Foreign Affairs Roundup

This Week's Top Stories in Foreign Affairs:

A New Strategy for Afghanistan
SI Analysis: US President Obama announces a new strategy for Afghanistan that focuses on a reinforcement of counter-insurgency actions in the south, stabilization of urban centers, political empowerment with anti-corruption efforts and training of indigenous security forces. An additional 30,000 US troops and up to 10,000 NATO troops (5,000 may be a more likely number) will be deployed over the next eight months, bringing the total presence to about 100,000 US troops and up to 50,000 NATO troops. Notably, Obama announced a commitment to begin the draw down of forces to begin in 18 months, setting a firm timeline for the new strategy to work and largely adhering to General Stanley McChrystal's approach to a "decisive period of war". Some critics say that the timeline gives the Taliban motivation to just hold out until 2011, others say that the timeline is an essential political tool to convince American and Afghan stakeholders of the urgency and temporal nature of the mission. A large part of the strategy focuses on bringing pressure onto the border areas with Pakistan. The real question then is what remains to be assessed: Does the Pakistani Army have the political conviction to fight the Afghan Taliban as it has the Pakistani Taliban? Meanwhile, Pakistani President Asif Ali Zardari ceded his control of the nuclear dossier to PM Yousuf Raza Gilani. This is an indication that the President is facing a political confrontation with the Army.

Iran Raises Its Nuclear Stakes
SI Analysis: In a surprising response to the scathing IAEA report and unanimous rebuke last week -- that said it had reached a dead end with nuclear inspections with Iran due to Iran's refusal to cooperate -- Iran announced that it was greatly expanding its civilian nuclear program with plans to build 10 new uranium enrichment facilities. The UN 5+1 (US, UK, France, Russia and China plus Germany) will most likely agree to impose harsh energy sanctions against Iran, greatly curbing the flow on gas into the country (though an oil rich country, Iran's infrastructure is so underdeveloped that it imports 40% of its oil). Analysts are divided on whether sanctions will have any important effect on Iran's nuclear dossier; some believe they will be ineffective and merely delay a possible war; others say that they will greatly cripple Iran so much so that it may withdraw from the nuclear Non-Proliferation Treaty. Meanwhile, Mohammed ElBaradei ended his term as head of the UN nuclear watchdog agency; Yukiya Amano took the healm of the IAEA. The worse case scenario is that this posturing will prompt Israel to make a preemptive strike against Iran.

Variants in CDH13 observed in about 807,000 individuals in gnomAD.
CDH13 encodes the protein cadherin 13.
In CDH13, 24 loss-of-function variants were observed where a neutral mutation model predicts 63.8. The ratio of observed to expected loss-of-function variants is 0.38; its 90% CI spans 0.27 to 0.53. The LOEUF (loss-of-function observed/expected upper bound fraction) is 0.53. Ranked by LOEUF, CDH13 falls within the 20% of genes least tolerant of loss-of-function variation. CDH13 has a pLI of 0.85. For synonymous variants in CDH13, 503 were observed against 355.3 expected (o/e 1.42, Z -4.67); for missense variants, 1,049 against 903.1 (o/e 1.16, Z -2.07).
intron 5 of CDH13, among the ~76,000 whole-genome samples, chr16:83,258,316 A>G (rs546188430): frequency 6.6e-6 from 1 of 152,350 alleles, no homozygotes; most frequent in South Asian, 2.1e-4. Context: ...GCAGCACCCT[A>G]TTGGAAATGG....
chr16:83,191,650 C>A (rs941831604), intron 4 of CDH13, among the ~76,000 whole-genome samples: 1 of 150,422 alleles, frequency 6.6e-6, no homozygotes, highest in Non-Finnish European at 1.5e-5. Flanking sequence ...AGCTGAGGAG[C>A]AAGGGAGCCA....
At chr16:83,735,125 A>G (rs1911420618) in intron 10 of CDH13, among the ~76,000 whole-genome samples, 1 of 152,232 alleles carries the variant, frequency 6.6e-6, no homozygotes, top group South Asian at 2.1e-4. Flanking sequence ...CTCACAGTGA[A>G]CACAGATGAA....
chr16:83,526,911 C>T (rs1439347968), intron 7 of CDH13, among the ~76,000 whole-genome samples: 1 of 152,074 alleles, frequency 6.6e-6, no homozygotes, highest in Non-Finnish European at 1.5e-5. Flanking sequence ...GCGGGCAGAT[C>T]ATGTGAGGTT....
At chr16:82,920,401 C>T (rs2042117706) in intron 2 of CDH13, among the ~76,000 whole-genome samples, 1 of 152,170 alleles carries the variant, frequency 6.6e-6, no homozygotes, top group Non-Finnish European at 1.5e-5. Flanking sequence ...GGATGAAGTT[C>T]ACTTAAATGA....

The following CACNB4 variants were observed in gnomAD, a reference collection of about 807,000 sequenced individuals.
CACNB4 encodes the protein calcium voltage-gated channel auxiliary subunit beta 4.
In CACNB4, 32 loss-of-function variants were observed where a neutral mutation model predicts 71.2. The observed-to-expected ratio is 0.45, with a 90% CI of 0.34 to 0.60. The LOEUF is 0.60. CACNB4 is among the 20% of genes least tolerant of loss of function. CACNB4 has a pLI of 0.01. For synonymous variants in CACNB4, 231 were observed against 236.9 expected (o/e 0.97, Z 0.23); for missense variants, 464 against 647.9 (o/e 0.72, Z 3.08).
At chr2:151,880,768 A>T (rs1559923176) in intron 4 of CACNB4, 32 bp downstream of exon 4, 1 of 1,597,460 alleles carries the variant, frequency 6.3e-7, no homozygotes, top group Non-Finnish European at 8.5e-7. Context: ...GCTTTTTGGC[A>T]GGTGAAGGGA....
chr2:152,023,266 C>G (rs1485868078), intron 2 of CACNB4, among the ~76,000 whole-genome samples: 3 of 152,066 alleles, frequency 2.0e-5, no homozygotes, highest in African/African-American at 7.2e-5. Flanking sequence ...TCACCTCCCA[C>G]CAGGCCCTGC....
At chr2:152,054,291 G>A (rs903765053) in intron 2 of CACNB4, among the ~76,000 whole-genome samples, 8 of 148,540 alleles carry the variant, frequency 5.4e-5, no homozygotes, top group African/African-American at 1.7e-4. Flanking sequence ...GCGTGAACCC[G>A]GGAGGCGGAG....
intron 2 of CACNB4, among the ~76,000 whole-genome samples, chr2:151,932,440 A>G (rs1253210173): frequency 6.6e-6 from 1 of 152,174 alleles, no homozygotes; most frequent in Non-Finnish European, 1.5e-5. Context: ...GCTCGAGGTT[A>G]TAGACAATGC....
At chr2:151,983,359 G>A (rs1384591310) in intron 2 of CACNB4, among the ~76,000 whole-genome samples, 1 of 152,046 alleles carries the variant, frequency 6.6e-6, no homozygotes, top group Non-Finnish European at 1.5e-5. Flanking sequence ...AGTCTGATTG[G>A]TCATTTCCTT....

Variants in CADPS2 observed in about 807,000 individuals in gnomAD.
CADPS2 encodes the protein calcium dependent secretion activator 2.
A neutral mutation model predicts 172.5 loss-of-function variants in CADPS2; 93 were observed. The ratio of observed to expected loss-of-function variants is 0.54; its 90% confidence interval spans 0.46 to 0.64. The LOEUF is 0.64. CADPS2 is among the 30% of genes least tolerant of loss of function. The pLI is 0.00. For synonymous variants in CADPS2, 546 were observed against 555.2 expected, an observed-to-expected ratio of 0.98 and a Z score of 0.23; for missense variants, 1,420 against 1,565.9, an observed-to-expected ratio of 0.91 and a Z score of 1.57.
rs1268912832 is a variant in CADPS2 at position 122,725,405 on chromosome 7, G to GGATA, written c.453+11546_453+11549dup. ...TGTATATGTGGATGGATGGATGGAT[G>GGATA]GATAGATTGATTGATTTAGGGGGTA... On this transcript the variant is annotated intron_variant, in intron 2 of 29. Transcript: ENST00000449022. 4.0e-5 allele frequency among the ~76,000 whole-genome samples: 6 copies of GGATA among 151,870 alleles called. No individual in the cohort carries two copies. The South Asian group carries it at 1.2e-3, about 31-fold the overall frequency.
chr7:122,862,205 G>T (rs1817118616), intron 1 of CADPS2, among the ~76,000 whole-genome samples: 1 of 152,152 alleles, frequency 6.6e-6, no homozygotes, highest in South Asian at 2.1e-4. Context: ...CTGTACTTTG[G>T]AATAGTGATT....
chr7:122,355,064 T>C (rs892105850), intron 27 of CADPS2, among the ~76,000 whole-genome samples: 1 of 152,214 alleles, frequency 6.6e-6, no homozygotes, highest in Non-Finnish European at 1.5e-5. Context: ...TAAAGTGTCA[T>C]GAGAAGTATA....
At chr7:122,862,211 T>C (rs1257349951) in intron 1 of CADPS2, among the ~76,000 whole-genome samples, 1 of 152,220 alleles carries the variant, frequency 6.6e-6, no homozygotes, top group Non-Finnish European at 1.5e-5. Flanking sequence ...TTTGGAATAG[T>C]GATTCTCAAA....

Analysis in Brief:

EU Draft Peace Policy Riles Israel
SI Analysis: Israel took great umbrage with a Swedish drafted EU policy towards Middle East peace that recognizes the Palestinian claim to East Jerusalem. Israel insists that such a policy would marginalize Europe's role as a broker for peace. Presently, France is facilitating Syrian-Israeli talks and Germany is helping with the Egyptian-brokered prisoner exchange talks currently in the works.

What's Next for Honduras
SI Analysis: Porfirio Lobo, a conservative, won the controversial Presidential election on Sunday. However on Wednesday Honduras' Congress rejected the motion to reinstate ousted President Manuel Zelaya to serve out the last few weeks of his term. The international community is divided on how to respond: whether to recognize the elections that seemed to go off well, despite an announced boycott, or to insist on Zelaya's reinstatement before re-engaging with Honduras. Many Hondurans themselves seemed divided on how to respond. The US will have to take the lead on finding a diplomatic solution tot his mess.

Pirates Again
SI Analysis: Somali pirates seized a Greek tanker filled with Saudi crude oil bound for the United States 700 miles off the coast of Somalia. An attack so far off the coast indicates that Pirates are taking greater risks to elude the EU, NATO and American-led multinational patrols in the Gulf of Aden.

Latest from Russia
SI Analysis: Unprompted, Russian President Medvedev presented a proposed European security pact that would limit NATO expansion. Meanwhile, Radical political Islamists from the Northern Caucasus said they were behind the attack that killed 26 people by bombing a train en route from Moscow to St. Petersburg.

Upcoming Events of Note:

Lebanese President to Visit the US
SI Analysis: Lebanese President Michel Suleiman will visit the US on 12 December. Now that a coalition government led by Saad Hariri has been formed, it will be interesting to see what America's position with regards to Hezbollah will be: the Shia group presently labeled a terrorist organization by the US has made legitimizing political inroads. Much debate in Lebanon is currently focused on the effort to disarm Hezbollah's militia and integrate it into the Lebanese security apparatus.

Climate Conference Talks to Start
SI Analysis: Talks in Copenhagen will start next Monday with the EU, the US and China all making significant pledges for action.

You can read this Foreign Affairs Roundup on the Simple Intelligence Site and on the Huffington Post World Page